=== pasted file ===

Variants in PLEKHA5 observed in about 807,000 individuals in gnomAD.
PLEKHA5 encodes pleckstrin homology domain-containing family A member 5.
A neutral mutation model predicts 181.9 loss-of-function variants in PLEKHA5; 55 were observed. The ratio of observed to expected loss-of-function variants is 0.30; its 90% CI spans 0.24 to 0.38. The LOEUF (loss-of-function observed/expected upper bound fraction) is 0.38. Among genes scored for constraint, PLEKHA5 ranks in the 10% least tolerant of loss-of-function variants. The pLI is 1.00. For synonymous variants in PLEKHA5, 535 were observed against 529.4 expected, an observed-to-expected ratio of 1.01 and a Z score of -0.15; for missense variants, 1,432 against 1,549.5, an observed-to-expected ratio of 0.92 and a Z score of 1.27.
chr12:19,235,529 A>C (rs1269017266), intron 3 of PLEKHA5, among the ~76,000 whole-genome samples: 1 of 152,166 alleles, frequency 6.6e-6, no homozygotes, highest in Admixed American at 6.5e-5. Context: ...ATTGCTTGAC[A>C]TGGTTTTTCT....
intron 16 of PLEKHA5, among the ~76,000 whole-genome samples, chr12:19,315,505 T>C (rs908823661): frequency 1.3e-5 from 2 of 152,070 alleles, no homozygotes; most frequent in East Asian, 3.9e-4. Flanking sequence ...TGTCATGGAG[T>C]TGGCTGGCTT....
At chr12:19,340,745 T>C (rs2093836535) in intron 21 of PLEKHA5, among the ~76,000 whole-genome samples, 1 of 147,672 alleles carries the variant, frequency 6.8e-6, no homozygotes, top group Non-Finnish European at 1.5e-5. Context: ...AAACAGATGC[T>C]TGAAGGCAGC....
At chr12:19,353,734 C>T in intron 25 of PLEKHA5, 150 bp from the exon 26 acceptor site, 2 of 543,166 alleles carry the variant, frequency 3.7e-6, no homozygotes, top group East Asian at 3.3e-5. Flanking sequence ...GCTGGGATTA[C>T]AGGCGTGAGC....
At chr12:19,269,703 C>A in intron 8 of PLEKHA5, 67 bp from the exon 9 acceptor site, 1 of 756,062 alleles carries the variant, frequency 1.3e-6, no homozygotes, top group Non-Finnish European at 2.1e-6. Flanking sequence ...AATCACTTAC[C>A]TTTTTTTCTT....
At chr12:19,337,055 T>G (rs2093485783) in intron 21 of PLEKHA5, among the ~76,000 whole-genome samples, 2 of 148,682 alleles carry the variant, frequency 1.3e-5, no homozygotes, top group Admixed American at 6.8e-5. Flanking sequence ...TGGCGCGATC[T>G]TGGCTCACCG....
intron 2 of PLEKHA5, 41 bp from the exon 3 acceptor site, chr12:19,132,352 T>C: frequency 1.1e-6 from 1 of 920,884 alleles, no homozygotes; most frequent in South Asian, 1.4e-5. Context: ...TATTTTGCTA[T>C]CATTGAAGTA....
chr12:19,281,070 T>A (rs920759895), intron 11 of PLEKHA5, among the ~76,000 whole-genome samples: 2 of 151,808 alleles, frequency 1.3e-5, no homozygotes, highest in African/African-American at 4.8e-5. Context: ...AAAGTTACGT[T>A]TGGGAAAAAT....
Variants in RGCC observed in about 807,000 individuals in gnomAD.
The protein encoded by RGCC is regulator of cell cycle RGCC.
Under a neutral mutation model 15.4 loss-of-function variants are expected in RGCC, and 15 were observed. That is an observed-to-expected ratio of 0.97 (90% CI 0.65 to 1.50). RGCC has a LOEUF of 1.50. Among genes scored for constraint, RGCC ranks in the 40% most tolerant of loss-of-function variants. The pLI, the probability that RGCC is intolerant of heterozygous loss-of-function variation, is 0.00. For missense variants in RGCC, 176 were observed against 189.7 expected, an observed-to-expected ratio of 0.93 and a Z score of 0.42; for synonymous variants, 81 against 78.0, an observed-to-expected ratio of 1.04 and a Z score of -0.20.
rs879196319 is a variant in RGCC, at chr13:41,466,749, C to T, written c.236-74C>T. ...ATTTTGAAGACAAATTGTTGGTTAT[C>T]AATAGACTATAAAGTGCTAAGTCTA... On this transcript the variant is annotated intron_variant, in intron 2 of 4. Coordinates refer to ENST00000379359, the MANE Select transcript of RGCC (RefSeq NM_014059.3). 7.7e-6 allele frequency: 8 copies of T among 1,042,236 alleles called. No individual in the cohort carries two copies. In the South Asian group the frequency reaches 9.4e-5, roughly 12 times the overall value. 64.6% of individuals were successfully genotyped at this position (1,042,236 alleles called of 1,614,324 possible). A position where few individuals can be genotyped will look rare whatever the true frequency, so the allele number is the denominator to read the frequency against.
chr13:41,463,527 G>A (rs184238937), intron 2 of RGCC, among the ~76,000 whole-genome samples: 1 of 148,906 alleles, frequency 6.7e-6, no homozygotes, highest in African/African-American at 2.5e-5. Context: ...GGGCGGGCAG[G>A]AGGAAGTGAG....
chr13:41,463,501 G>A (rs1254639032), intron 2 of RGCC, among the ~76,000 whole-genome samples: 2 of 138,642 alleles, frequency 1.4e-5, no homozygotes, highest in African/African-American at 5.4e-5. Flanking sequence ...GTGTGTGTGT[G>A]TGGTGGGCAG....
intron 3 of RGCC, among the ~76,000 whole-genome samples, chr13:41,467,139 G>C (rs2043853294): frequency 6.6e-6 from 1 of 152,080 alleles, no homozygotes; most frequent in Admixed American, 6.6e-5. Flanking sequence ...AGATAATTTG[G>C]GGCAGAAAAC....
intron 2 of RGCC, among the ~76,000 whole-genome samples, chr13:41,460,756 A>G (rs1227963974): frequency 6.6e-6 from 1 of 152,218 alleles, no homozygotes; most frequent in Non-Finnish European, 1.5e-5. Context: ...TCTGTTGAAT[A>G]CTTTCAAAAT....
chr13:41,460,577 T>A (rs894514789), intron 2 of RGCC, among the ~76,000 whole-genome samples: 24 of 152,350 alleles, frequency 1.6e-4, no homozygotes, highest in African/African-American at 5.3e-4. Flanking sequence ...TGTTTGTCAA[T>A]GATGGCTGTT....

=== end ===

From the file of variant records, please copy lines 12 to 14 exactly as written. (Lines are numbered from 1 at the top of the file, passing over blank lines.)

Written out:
Variants in RGCC observed in about 807,000 individuals in gnomAD.
The protein encoded by RGCC is regulator of cell cycle RGCC.
Under a neutral mutation model 15.4 loss-of-function variants are expected in RGCC, and 15 were observed. That is an observed-to-expected ratio of 0.97 (90% CI 0.65 to 1.50). RGCC has a LOEUF of 1.50. Among genes scored for constraint, RGCC ranks in the 40% most tolerant of loss-of-function variants. The pLI, the probability that RGCC is intolerant of heterozygous loss-of-function variation, is 0.00. For missense variants in RGCC, 176 were observed against 189.7 expected, an observed-to-expected ratio of 0.93 and a Z score of 0.42; for synonymous variants, 81 against 78.0, an observed-to-expected ratio of 1.04 and a Z score of -0.20.